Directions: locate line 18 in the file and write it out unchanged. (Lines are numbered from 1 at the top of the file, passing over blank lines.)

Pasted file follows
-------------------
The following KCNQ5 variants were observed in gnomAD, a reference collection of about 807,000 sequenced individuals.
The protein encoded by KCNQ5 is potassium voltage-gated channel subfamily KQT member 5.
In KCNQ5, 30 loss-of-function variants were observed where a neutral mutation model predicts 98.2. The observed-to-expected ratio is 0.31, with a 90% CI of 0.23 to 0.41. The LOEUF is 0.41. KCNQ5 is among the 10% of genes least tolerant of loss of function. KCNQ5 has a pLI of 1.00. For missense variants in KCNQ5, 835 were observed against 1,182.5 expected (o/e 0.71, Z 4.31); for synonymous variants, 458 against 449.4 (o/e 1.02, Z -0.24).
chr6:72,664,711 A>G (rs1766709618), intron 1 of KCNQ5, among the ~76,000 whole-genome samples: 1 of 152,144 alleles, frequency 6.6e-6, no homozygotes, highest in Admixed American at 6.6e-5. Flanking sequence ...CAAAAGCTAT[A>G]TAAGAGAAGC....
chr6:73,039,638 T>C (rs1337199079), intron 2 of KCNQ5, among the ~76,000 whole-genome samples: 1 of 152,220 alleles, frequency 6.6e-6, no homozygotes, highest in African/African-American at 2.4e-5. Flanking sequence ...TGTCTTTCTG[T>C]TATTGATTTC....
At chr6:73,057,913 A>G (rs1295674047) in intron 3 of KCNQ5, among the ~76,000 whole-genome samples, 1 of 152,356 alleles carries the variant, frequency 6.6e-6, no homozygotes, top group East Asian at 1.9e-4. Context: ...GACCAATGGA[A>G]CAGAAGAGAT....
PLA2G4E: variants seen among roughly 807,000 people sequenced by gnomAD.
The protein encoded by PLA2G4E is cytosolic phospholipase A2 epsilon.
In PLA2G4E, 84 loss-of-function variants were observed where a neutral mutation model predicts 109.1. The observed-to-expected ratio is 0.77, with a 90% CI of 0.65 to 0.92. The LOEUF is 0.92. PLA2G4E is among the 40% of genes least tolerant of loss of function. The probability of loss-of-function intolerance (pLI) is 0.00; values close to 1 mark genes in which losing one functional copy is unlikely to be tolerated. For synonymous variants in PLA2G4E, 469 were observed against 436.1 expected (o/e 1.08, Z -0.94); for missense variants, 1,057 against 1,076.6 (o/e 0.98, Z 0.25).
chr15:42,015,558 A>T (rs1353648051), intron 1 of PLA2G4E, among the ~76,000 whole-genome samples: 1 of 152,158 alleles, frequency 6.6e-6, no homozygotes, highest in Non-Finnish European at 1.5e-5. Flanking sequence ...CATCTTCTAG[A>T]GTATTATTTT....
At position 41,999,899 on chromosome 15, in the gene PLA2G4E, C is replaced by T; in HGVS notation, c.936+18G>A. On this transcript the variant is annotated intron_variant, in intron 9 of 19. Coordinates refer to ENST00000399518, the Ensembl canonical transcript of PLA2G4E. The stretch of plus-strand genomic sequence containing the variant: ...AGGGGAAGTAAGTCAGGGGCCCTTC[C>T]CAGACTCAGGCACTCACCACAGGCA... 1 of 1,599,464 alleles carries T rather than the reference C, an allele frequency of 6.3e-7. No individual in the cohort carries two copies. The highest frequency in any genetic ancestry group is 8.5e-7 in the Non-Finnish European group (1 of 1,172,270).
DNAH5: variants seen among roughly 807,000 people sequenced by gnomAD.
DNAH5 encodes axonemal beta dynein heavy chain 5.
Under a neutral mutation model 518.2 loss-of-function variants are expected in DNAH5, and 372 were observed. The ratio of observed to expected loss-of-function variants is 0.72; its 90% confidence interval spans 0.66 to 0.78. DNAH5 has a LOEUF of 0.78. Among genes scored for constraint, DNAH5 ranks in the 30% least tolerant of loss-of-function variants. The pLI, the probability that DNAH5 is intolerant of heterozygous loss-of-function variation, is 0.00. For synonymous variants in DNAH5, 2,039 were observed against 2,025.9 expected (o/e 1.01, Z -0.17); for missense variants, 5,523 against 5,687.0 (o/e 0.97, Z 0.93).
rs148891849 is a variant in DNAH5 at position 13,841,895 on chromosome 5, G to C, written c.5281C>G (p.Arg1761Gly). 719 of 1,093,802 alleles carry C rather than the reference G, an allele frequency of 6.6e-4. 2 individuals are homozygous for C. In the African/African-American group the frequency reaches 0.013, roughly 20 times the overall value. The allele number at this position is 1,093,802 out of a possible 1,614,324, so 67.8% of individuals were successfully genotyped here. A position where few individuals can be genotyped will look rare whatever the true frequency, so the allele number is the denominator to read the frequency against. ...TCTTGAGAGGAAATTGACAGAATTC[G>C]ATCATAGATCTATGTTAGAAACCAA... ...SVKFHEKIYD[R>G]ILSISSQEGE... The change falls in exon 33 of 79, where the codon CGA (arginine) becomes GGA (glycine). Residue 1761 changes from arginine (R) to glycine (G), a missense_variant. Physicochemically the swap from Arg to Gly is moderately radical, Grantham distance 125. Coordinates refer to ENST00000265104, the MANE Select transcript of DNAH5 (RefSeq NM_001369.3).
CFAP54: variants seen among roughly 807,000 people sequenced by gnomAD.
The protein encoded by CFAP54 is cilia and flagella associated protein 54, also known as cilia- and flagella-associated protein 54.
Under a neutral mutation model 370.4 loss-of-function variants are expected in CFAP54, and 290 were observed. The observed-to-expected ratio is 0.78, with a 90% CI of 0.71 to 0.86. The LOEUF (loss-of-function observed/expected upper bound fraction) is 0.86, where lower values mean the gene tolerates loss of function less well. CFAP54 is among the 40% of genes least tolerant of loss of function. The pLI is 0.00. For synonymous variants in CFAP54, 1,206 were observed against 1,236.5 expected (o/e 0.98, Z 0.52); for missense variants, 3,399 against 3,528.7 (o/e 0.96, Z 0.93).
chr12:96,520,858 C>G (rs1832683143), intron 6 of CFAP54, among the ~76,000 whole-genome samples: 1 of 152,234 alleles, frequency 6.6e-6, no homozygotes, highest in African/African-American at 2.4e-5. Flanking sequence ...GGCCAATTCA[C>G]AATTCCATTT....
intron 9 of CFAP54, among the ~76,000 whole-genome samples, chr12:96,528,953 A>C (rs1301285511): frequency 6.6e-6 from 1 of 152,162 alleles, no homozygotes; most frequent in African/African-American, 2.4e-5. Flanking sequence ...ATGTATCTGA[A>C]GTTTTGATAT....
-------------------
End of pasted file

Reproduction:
Under a neutral mutation model 370.4 loss-of-function variants are expected in CFAP54, and 290 were observed. The observed-to-expected ratio is 0.78, with a 90% CI of 0.71 to 0.86. The LOEUF (loss-of-function observed/expected upper bound fraction) is 0.86, where lower values mean the gene tolerates loss of function less well. CFAP54 is among the 40% of genes least tolerant of loss of function. The pLI is 0.00. For synonymous variants in CFAP54, 1,206 were observed against 1,236.5 expected (o/e 0.98, Z 0.52); for missense variants, 3,399 against 3,528.7 (o/e 0.96, Z 0.93).